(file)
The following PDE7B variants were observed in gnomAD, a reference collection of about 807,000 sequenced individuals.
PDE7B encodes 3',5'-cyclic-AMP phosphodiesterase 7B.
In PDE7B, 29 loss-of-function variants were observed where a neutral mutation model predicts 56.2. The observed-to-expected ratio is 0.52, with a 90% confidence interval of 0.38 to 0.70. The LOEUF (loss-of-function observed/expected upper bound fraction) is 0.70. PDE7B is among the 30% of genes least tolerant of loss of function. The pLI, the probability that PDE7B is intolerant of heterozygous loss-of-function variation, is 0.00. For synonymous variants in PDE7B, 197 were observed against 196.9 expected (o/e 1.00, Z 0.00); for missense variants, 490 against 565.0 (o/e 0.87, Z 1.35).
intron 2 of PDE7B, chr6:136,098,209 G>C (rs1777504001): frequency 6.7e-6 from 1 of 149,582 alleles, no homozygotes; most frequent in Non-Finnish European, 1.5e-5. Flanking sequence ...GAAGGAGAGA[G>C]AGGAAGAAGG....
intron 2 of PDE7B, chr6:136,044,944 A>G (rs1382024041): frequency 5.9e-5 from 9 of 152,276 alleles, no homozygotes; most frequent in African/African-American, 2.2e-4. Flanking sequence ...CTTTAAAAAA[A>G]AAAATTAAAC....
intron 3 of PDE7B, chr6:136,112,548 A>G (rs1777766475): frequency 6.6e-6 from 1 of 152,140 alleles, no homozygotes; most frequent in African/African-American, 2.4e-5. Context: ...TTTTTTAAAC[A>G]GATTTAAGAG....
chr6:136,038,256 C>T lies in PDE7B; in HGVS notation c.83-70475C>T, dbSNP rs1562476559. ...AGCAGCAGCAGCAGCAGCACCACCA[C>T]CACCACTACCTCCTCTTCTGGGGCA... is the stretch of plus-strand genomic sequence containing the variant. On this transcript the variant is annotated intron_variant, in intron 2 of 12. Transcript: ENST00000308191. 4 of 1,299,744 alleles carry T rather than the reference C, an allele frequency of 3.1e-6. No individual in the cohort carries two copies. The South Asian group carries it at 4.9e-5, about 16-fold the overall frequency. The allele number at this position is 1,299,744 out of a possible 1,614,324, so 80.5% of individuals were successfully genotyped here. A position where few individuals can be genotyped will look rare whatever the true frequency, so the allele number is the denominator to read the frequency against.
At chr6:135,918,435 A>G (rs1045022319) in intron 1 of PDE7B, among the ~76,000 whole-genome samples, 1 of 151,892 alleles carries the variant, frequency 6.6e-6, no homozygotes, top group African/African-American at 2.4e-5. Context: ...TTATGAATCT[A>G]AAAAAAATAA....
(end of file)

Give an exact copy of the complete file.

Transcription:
The following PDE7B variants were observed in gnomAD, a reference collection of about 807,000 sequenced individuals.
PDE7B encodes 3',5'-cyclic-AMP phosphodiesterase 7B.
In PDE7B, 29 loss-of-function variants were observed where a neutral mutation model predicts 56.2. The observed-to-expected ratio is 0.52, with a 90% confidence interval of 0.38 to 0.70. The LOEUF (loss-of-function observed/expected upper bound fraction) is 0.70. PDE7B is among the 30% of genes least tolerant of loss of function. The pLI, the probability that PDE7B is intolerant of heterozygous loss-of-function variation, is 0.00. For synonymous variants in PDE7B, 197 were observed against 196.9 expected (o/e 1.00, Z 0.00); for missense variants, 490 against 565.0 (o/e 0.87, Z 1.35).
intron 2 of PDE7B, chr6:136,098,209 G>C (rs1777504001): frequency 6.7e-6 from 1 of 149,582 alleles, no homozygotes; most frequent in Non-Finnish European, 1.5e-5. Flanking sequence ...GAAGGAGAGA[G>C]AGGAAGAAGG....
intron 2 of PDE7B, chr6:136,044,944 A>G (rs1382024041): frequency 5.9e-5 from 9 of 152,276 alleles, no homozygotes; most frequent in African/African-American, 2.2e-4. Flanking sequence ...CTTTAAAAAA[A>G]AAAATTAAAC....
intron 3 of PDE7B, chr6:136,112,548 A>G (rs1777766475): frequency 6.6e-6 from 1 of 152,140 alleles, no homozygotes; most frequent in African/African-American, 2.4e-5. Context: ...TTTTTTAAAC[A>G]GATTTAAGAG....
chr6:136,038,256 C>T lies in PDE7B; in HGVS notation c.83-70475C>T, dbSNP rs1562476559. ...AGCAGCAGCAGCAGCAGCACCACCA[C>T]CACCACTACCTCCTCTTCTGGGGCA... is the stretch of plus-strand genomic sequence containing the variant. On this transcript the variant is annotated intron_variant, in intron 2 of 12. Transcript: ENST00000308191. 4 of 1,299,744 alleles carry T rather than the reference C, an allele frequency of 3.1e-6. No individual in the cohort carries two copies. The South Asian group carries it at 4.9e-5, about 16-fold the overall frequency. The allele number at this position is 1,299,744 out of a possible 1,614,324, so 80.5% of individuals were successfully genotyped here. A position where few individuals can be genotyped will look rare whatever the true frequency, so the allele number is the denominator to read the frequency against.
At chr6:135,918,435 A>G (rs1045022319) in intron 1 of PDE7B, among the ~76,000 whole-genome samples, 1 of 151,892 alleles carries the variant, frequency 6.6e-6, no homozygotes, top group African/African-American at 2.4e-5. Context: ...TTATGAATCT[A>G]AAAAAAATAA....